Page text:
PrEP Matters for trans, non-binary and gender diverse people

Simon Collins Co-Founder i-Base (treatment activist group for HIV).

Collins said there was very little data on trans people with regards to PrEP use but also claimed that it was just as safe as for ‘cis people’. What he really meant to suggest is that people who are on cross sex hormones have no additional clinical problems, which seems unlikely when the same can cause hugely deranged liver and kidney function.

Activist Collins shares an office with Michelle Ross, Executive Director of CliniQ. i-Base refers to vaginal sex also as ‘front hole/frontal sex’.

General discussion

Dr Max Kelen, local GP, wondered how we could get more ‘cis women’ on PrEP. A commissioner in attendance said he was limited in what he could do to get PrEP out of level 3 and into the community and asked the assembled (mostly sexual health) professionals to ‘push harder please’. Collins wanted it to be available over-the-counter. A lone voice mentioned that patients on PrEP needed to let their GP know if they were on it so that renal function could be monitored. Another wanted PrEP to be available in the primary care setting. Then, finally, a trans-identified female said she didn’t want her GP to know that she was on PrEP, so hadn’t told her.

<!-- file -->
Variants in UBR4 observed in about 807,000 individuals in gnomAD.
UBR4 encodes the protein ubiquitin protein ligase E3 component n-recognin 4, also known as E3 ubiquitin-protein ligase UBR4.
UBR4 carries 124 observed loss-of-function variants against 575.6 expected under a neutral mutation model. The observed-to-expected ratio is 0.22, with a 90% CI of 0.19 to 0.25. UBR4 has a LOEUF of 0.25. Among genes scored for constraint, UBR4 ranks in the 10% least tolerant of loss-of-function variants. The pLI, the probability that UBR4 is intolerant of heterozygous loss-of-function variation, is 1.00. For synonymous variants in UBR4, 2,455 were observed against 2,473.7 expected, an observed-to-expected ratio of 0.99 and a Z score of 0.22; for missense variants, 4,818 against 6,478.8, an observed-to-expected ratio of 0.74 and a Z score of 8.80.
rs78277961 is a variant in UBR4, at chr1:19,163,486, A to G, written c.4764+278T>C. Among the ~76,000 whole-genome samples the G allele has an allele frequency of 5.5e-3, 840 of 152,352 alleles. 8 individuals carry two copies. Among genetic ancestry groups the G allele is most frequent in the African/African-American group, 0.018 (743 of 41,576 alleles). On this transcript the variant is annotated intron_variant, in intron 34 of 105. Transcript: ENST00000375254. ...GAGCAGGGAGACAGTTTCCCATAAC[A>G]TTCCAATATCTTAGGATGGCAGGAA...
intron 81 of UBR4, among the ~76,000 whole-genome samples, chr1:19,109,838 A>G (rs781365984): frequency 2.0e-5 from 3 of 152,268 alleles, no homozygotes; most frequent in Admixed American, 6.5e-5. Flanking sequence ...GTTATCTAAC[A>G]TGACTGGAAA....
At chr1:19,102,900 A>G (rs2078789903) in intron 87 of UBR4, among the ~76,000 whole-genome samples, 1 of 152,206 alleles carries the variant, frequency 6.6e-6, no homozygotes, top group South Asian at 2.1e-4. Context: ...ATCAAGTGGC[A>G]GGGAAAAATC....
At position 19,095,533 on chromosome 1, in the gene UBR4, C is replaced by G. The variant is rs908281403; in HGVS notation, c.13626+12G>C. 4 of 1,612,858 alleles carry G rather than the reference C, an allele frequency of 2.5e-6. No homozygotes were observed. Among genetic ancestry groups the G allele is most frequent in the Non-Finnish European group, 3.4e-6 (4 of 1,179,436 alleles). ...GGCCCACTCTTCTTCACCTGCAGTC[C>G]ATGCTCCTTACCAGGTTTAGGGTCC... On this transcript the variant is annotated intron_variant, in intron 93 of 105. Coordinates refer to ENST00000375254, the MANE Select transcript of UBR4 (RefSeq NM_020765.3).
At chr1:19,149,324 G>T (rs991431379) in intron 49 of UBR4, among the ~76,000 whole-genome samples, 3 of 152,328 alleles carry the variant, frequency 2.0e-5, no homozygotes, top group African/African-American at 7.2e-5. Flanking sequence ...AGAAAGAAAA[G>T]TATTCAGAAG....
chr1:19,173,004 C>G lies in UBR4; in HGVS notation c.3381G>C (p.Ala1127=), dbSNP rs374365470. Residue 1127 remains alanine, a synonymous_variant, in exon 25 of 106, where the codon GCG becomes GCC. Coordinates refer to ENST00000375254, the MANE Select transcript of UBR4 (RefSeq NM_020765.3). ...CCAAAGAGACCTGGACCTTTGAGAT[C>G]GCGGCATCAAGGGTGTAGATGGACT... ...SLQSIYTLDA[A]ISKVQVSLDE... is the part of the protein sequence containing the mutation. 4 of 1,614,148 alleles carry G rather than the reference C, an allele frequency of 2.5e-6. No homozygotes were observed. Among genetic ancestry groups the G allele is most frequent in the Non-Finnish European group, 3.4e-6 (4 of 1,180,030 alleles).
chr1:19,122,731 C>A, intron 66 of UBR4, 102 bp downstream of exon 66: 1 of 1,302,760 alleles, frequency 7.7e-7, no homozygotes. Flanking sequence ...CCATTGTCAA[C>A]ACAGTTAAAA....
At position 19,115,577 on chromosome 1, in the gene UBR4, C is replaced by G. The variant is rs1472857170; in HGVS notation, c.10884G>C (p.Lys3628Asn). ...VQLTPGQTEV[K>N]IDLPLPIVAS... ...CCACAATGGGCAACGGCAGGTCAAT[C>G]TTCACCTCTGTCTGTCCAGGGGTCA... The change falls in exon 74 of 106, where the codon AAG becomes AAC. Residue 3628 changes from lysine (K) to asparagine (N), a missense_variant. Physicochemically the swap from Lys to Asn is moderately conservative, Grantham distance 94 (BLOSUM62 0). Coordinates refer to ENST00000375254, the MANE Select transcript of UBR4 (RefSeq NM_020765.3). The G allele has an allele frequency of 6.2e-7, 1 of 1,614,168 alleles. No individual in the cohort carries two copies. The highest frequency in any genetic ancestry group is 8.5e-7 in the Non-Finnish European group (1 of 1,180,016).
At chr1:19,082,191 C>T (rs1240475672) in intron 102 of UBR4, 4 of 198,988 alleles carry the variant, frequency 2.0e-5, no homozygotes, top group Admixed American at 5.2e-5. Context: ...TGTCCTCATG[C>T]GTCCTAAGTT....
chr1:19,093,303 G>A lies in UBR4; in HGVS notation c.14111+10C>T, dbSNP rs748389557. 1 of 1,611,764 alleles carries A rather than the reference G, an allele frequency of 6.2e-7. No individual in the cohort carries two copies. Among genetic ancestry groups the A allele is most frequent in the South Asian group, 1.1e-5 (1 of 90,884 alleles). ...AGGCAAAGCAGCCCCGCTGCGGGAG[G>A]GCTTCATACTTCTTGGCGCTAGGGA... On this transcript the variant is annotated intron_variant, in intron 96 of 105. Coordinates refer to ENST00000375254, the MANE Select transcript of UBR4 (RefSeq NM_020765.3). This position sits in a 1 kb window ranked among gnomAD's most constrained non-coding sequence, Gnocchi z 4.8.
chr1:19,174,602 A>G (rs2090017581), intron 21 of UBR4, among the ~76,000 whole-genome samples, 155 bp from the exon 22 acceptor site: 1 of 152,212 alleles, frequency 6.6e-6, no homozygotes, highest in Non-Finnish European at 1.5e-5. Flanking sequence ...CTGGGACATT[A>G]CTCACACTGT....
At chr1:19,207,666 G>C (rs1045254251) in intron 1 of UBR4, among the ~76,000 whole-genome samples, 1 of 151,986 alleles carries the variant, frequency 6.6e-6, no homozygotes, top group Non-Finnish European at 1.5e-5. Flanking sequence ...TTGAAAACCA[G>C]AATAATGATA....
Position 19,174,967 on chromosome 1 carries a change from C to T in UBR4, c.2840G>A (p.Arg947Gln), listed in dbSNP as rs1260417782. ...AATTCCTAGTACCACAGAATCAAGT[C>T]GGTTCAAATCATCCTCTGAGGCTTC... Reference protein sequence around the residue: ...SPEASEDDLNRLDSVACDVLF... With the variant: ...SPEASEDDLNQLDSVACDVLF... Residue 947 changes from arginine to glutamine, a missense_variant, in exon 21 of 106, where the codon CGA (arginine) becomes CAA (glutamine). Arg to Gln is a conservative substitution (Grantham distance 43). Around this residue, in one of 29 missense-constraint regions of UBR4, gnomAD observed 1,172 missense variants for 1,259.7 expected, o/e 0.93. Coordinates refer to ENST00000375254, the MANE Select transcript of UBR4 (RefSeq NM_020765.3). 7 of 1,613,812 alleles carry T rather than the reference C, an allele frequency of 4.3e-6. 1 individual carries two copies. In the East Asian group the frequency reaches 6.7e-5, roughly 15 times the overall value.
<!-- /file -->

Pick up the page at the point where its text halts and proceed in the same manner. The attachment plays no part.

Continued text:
From LVNDR’s website.
Josh Wells, Senior Clinical lead at LVNDR was in attendance at the meeting

There was very little awareness amongst pharmacists that trans people were sourcing cross sex hormones online.

GUMCAD and inclusive datasets, presentation by the UK Health Security Agency

It was time again for there to be quite a bit of talking over the speaker, the first of whom literally had the mic taken away from her and then unceremoniously shoved back into her face when it was deemed it had been fixed. The data was not for public release yet but the second speaker described the table that she was looking at in great detail. The bare bones of the matter is that when people visit Genitourinary Medicine (GUM) clinics they are now asked what their gender at birth is.

Can you spot the mistake?:

Source: GUMCAD starter pack

The statistics were to be released in the annual report but it was admitted there were problems with data completeness and that only two-thirds of the new dataset had included the question about gender at birth. If I noted correctly there were about 12,000 visits to GUM clinics made by trans/non-binary people (out of five million visits) of which around one-third were trans-identified female, half trans-identified males and the rest were ‘gender diverse’. These were mostly under the age of 25 and mostly seen face to face.

Studies; Hormone Levels Blood Test: 
What they are for and why we do them

With Noeleen Bennett and Devon Buchanan from the TransRIHTs Study.

I don’t know why but I actually thought this was going to be a genuine item looking at the clinical protocols around managing people on cross sex hormones.